The Fed lowered interest rates twice in March due to the coronavirus economic impact.

Unemployment claims jumped to 21.7 million in four weeks.

CARES Act passed, a $2 trillion stimulus package to help individuals and businesses.

Bonds up 3.15% in Q1.

S&P 500 down just under 20%.


What should I do?

We’ve all heard the phrase, “Don’t just stand there. Do something!” John Bogle, founder of Vanguard, modified this for long-term investors to say, “Don’t do something. Just stand there!” In today’s investment environment, both expressions are true.

Most of us are at home following quarantine guidance to slow the spread of this virus and keep healthy. We have learned to use video technology to communicate for work and pleasure. This has given us the opportunity to spend more time with loved ones, catch up on binge watching or reading, or share the occasional video or humorous email. On the negative side, it has allowed us to follow news and financial outlets more often and more intently, which is probably not good for our mental health. We are bombarded with stories about the markets, which can make us think that we must do something. This leads to emotional decisions, and emotional decisions are usually wrong decisions. If you have a well-planned long-term strategy and understand the risks associated with your portfolio, now is not the time to abandon that plan. Now is the time to, “Don’t do something. Just stand there!”

What are we doing? The declines in the markets give us two opportunities which can produce better after-tax portfolio performance.


We have been rebalancing portfolios to the range specified in your Investment Policy Statement (IPS). Under this disciplined approach, we buy assets that have gone down in value and sell those that have gone up in value. This will enable your portfolio to fully participate in the eventual rebound in the markets.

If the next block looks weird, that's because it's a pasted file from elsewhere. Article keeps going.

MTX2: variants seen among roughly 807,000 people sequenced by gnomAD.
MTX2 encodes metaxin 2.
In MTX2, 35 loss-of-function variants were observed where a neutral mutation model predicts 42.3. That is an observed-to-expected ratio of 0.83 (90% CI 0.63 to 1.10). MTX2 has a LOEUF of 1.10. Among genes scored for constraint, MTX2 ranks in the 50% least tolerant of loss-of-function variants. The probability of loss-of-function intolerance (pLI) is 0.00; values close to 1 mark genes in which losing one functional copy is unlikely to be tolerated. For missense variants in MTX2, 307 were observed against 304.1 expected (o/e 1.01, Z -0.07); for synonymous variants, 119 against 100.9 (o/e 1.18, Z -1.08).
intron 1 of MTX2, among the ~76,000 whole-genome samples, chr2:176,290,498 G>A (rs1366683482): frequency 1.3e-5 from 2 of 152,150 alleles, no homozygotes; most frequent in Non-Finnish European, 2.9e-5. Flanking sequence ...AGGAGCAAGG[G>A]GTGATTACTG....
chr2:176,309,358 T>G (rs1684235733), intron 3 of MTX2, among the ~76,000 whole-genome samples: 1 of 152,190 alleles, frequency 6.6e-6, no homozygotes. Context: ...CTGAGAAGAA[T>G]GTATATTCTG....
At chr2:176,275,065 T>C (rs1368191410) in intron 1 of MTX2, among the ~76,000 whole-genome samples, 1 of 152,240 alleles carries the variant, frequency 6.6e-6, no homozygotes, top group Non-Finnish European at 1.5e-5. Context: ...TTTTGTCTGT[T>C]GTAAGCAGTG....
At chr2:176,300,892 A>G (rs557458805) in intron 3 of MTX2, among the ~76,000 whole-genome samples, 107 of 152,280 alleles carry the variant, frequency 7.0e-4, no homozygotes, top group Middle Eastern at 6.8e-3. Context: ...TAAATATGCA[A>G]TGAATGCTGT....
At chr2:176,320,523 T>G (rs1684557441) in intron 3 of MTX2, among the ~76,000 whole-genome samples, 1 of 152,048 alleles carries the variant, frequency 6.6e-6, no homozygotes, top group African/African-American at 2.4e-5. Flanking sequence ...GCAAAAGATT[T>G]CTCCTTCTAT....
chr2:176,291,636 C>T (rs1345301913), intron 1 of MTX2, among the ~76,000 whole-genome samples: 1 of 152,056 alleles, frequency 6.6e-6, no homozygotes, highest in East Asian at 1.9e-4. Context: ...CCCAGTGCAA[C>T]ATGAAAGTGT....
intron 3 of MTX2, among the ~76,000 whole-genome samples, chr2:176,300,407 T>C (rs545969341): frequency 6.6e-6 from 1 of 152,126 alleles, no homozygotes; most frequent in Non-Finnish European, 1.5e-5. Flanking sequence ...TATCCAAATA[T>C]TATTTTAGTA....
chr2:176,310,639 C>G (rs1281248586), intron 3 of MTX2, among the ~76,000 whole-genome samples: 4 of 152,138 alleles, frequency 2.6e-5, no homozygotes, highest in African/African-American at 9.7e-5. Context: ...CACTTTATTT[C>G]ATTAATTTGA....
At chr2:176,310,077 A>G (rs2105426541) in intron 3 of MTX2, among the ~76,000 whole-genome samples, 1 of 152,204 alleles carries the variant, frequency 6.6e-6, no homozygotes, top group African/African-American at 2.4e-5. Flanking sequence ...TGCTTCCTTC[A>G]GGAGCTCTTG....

Tax Loss Harvesting

We have also been harvesting tax losses in taxable accounts. Tax loss harvesting is selling investments which have declined in value and “harvesting” or realizing the loss for tax purposes. The position is then replaced with a similar one so your overall asset allocation is maintained. The losses have value since they can be used to offset capital gains and up to $3,000 of ordinary income. Losses can also be carried forward to offset future capital gains.

It’s Not Timing the Market That Works in the Long Run – It’s Your time in the Market

As market volatility increases, it can be tempting to ‘get out of the market until all of this is over.’ You may avoid some down days, but you also miss the up days. The chart below shows the effect of missing the best days of the market.

During the period shown, the S&P 500 index returned 5.10% annualized. If you missed the best 10 days (out of about 2,500 trading days), the annual return fell to 1.36%. If you missed the 20 best days, your returns were negative! Note that during this period, 7 of the 10 best days occurred within 2 weeks of the 10 worst days.


What impact does this have on the economy?

December unemployment hit a 50-year low of 3.5%, with employers trying to fill vacant jobs at all skill levels. Although wages have remained stagnate for the past decade, there has finally been some improvement in 2019. This is particularly true for the lowest-paid workers, mostly due to the mandate of rising minimum wages in many states and cities.
This is good news for the economy, since lower-income earners tend to have higher marginal spending, but increased wages could eventually cut into corporate profits.

Our Contact Information

3838 Camino del Rio North
Suite 365
San Diego, CA 92108



We are here for you.

If you wish to discuss your portfolio or other financial matters, please contact us. We can also discuss tax and planning opportunities like Roth conversions and refinancing debt that may be attractive now. Knowing that you are still on track to reach your goals can give you peace of mind during this time.

Be smart, stay safe.

Warmest regards,

Platt Wealth Management


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